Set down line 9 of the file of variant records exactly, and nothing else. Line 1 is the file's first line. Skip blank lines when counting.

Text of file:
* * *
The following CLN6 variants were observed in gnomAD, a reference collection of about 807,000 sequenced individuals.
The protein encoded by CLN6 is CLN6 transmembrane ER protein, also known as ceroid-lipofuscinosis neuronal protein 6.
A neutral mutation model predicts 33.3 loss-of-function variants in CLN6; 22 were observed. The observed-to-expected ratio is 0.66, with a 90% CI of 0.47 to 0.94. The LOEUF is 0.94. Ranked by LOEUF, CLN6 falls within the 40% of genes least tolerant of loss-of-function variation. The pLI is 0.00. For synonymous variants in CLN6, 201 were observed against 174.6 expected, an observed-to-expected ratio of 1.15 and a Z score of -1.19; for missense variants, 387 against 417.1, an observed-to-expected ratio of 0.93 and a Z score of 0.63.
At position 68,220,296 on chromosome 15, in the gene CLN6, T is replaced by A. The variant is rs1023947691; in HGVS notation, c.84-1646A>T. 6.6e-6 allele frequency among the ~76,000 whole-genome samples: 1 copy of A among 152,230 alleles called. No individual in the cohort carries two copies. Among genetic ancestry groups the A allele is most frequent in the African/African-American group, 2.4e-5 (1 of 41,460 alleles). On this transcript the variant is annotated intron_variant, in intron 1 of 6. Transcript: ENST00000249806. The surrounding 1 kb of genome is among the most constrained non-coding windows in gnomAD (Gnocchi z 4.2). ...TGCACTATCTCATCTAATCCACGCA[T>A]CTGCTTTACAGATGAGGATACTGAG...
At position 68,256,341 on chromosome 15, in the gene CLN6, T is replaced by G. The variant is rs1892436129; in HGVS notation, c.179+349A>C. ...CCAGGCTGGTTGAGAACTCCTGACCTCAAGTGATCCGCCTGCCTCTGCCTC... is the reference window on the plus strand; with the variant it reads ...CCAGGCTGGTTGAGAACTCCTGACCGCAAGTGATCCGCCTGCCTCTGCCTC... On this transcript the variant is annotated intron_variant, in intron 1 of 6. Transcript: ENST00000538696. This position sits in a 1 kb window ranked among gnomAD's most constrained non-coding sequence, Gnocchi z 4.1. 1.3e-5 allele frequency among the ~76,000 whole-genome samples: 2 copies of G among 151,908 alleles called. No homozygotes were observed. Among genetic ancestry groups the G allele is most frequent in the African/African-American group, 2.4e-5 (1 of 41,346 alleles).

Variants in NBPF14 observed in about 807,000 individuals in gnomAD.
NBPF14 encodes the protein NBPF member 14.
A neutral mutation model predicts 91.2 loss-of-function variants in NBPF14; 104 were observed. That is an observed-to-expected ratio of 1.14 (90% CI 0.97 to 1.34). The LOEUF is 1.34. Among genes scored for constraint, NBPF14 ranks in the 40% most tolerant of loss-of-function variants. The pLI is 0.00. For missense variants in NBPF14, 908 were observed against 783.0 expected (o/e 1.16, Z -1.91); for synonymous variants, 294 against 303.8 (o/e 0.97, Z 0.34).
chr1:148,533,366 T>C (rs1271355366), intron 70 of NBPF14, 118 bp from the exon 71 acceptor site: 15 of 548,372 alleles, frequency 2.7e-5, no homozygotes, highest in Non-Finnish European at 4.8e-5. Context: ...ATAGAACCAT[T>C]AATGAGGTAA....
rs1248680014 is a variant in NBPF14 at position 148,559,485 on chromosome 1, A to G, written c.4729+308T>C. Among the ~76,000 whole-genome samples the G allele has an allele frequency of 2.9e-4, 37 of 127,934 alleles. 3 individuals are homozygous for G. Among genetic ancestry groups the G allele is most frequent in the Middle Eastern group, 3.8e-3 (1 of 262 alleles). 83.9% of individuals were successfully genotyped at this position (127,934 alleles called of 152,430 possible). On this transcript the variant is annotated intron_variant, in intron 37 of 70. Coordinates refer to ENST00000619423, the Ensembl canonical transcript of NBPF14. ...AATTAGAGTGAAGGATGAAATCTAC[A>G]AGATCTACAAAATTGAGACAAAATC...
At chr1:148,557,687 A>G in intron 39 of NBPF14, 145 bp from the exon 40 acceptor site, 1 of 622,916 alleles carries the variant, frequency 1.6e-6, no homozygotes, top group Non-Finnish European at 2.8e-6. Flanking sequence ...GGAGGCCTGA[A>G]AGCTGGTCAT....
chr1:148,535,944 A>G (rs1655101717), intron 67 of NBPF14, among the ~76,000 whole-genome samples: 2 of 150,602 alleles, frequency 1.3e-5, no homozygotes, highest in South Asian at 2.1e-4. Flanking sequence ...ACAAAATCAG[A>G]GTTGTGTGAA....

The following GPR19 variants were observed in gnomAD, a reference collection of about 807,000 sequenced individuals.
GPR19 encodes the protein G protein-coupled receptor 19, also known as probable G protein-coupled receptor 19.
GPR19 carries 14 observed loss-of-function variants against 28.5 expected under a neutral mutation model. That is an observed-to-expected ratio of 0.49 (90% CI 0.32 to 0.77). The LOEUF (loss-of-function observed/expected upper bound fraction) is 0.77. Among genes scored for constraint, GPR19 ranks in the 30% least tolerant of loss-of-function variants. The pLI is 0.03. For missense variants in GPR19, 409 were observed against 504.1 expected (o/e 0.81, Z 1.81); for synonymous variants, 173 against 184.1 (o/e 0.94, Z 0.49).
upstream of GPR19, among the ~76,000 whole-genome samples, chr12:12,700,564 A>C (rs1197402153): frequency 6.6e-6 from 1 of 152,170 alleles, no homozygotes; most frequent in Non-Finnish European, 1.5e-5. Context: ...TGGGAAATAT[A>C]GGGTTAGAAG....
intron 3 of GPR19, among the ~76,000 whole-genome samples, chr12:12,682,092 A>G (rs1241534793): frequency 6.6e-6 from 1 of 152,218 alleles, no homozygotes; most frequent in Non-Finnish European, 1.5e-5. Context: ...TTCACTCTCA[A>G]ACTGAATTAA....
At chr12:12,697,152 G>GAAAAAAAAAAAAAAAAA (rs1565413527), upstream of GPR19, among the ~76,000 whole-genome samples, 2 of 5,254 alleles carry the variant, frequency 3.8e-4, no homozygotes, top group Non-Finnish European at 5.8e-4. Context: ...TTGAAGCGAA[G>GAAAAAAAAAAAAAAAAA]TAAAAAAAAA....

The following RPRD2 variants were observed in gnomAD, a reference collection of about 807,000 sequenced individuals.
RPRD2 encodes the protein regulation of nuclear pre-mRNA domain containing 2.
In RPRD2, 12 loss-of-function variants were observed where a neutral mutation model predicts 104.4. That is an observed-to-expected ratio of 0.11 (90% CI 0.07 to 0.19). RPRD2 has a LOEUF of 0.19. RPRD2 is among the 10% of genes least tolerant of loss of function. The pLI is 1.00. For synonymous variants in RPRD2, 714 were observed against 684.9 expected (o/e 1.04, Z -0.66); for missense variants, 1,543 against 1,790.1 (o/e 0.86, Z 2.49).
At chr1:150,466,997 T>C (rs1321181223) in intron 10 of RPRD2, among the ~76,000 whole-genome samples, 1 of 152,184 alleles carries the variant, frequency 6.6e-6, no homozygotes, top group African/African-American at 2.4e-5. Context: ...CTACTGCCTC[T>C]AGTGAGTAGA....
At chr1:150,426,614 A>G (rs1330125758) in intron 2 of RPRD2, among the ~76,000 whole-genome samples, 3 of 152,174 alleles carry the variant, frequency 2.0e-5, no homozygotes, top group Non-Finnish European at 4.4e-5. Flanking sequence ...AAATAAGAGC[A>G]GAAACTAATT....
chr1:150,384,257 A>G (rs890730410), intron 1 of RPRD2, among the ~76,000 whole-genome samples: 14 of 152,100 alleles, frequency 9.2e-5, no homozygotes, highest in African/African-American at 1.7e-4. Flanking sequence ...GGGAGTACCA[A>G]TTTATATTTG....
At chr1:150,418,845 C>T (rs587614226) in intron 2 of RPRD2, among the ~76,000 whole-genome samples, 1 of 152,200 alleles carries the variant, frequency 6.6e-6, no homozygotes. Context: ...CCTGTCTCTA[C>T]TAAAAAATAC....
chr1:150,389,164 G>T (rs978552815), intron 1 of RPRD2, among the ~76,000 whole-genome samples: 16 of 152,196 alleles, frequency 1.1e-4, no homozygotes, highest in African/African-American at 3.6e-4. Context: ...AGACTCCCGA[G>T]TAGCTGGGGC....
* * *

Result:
chr1:148,533,366 T>C (rs1271355366), intron 70 of NBPF14, 118 bp from the exon 71 acceptor site: 15 of 548,372 alleles, frequency 2.7e-5, no homozygotes, highest in Non-Finnish European at 4.8e-5. Context: ...ATAGAACCAT[T>C]AATGAGGTAA....